Little overlap, but jobs will go shed

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The Independent Online
Sir Richard Sykes, Glaxo's chief executive, said product lines as a whole were complementary and there were no significant overlaps between the two companies. At the same time, he saw substantial scope for rationalisation of laboratories, sales and marketing, and confirmed a number of laboratories would close.

It was "inevitable" that laboratories would be rationalised because there was a lot of duplication, but he refused to put numbers on likely job losses.

Glaxo claimed there were many areas where there were significant synergies between the two companies' products, such as Glaxo's Aids drug, 3TC, and Wellcome's Retrovir and Mepron. These can be used together in combination therapies that are increasingly favoured for treating the disease.

Sir Richard said there were four product lines in a combined company that would each produce more than $1bn of sales a year. These were treatments for gastro-intestinal disorders such as ulcers, respiratory drugs, anti-viral drugs and antibiotics.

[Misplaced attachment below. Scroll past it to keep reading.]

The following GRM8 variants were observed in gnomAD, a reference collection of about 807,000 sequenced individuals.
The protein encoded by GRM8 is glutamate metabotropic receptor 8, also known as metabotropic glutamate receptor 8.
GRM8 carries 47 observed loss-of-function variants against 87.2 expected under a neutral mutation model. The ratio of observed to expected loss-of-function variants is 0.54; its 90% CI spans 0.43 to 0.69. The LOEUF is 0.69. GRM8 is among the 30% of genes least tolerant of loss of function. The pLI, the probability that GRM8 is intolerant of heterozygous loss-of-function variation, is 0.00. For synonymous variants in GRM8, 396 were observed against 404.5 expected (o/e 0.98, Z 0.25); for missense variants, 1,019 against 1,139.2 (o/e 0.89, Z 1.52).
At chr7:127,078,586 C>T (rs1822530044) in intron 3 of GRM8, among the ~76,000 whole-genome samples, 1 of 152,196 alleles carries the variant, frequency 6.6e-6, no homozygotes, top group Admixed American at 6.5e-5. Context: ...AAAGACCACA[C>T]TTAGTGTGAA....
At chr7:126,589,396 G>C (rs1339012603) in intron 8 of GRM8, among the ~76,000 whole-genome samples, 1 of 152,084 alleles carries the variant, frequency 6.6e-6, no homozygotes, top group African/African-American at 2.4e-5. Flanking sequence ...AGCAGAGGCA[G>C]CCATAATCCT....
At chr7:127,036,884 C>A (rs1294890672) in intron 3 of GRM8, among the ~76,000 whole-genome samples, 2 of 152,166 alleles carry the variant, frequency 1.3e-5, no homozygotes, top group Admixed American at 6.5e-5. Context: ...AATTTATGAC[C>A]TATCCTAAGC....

In research, he said Glaxo would be looking at the two companies' programmes and finding the best way to put them together.

The strategy was to set a clear objective of developing better medicines and then setting up methods of getting those to the patients, he added.

The City not only accepted Glaxo's claims about the scope for rationalisation, but pointed to new areas for savings.

Peter Laing, an analyst at Salomon Brothers, highlighted a key difference between the two companies. Wellcome does most of its manufacturing in Britain and the US.

Glaxo, by contrast, does most of its manufacturing in Singapore and Puerto Rico, which have low tax regimes and are much cheaper. So the scope for job cuts in Britain and the US and relocation to the Third World are massive, quite apart from the savings from combining sales and marketing in Europe and the US.